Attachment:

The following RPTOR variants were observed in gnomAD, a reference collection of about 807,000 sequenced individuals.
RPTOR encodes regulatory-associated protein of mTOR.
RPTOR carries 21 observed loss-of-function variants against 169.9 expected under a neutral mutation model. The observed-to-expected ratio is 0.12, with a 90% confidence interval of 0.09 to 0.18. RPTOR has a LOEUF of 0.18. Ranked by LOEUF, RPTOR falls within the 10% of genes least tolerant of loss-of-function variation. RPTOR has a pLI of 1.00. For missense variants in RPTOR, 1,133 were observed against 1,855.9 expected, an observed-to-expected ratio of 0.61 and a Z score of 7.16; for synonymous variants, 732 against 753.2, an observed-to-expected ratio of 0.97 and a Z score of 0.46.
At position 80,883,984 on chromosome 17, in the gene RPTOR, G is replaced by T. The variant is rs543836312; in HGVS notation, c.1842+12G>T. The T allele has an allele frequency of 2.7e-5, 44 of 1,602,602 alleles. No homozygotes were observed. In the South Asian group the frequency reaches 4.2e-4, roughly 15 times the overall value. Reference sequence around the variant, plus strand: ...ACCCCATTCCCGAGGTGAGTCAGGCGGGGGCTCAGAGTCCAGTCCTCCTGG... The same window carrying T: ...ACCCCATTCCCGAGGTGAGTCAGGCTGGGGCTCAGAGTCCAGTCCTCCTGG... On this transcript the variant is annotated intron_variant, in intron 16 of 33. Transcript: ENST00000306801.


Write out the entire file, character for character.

The following RPTOR variants were observed in gnomAD, a reference collection of about 807,000 sequenced individuals.
RPTOR encodes regulatory-associated protein of mTOR.
RPTOR carries 21 observed loss-of-function variants against 169.9 expected under a neutral mutation model. The observed-to-expected ratio is 0.12, with a 90% confidence interval of 0.09 to 0.18. RPTOR has a LOEUF of 0.18. Ranked by LOEUF, RPTOR falls within the 10% of genes least tolerant of loss-of-function variation. RPTOR has a pLI of 1.00. For missense variants in RPTOR, 1,133 were observed against 1,855.9 expected, an observed-to-expected ratio of 0.61 and a Z score of 7.16; for synonymous variants, 732 against 753.2, an observed-to-expected ratio of 0.97 and a Z score of 0.46.
At position 80,883,984 on chromosome 17, in the gene RPTOR, G is replaced by T. The variant is rs543836312; in HGVS notation, c.1842+12G>T. The T allele has an allele frequency of 2.7e-5, 44 of 1,602,602 alleles. No homozygotes were observed. In the South Asian group the frequency reaches 4.2e-4, roughly 15 times the overall value. Reference sequence around the variant, plus strand: ...ACCCCATTCCCGAGGTGAGTCAGGCGGGGGCTCAGAGTCCAGTCCTCCTGG... The same window carrying T: ...ACCCCATTCCCGAGGTGAGTCAGGCTGGGGCTCAGAGTCCAGTCCTCCTGG... On this transcript the variant is annotated intron_variant, in intron 16 of 33. Transcript: ENST00000306801.